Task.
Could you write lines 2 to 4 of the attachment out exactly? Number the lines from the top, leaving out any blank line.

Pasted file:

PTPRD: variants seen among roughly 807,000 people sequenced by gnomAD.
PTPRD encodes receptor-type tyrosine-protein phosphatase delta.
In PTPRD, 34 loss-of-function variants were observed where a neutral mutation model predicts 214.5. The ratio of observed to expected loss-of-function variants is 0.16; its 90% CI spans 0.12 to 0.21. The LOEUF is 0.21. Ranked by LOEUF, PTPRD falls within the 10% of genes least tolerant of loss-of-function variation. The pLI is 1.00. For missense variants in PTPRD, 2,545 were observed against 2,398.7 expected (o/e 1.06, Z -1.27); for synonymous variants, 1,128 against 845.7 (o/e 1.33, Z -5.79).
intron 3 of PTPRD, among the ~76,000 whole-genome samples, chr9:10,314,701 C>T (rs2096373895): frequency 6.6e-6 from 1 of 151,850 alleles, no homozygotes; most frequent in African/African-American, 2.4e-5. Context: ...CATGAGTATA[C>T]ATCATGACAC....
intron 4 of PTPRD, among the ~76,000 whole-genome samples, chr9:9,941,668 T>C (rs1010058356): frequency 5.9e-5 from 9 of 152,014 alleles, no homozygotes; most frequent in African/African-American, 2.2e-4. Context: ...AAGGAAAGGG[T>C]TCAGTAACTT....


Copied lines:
PTPRD encodes receptor-type tyrosine-protein phosphatase delta.
In PTPRD, 34 loss-of-function variants were observed where a neutral mutation model predicts 214.5. The ratio of observed to expected loss-of-function variants is 0.16; its 90% CI spans 0.12 to 0.21. The LOEUF is 0.21. Ranked by LOEUF, PTPRD falls within the 10% of genes least tolerant of loss-of-function variation. The pLI is 1.00. For missense variants in PTPRD, 2,545 were observed against 2,398.7 expected (o/e 1.06, Z -1.27); for synonymous variants, 1,128 against 845.7 (o/e 1.33, Z -5.79).
intron 3 of PTPRD, among the ~76,000 whole-genome samples, chr9:10,314,701 C>T (rs2096373895): frequency 6.6e-6 from 1 of 151,850 alleles, no homozygotes; most frequent in African/African-American, 2.4e-5. Context: ...CATGAGTATA[C>T]ATCATGACAC....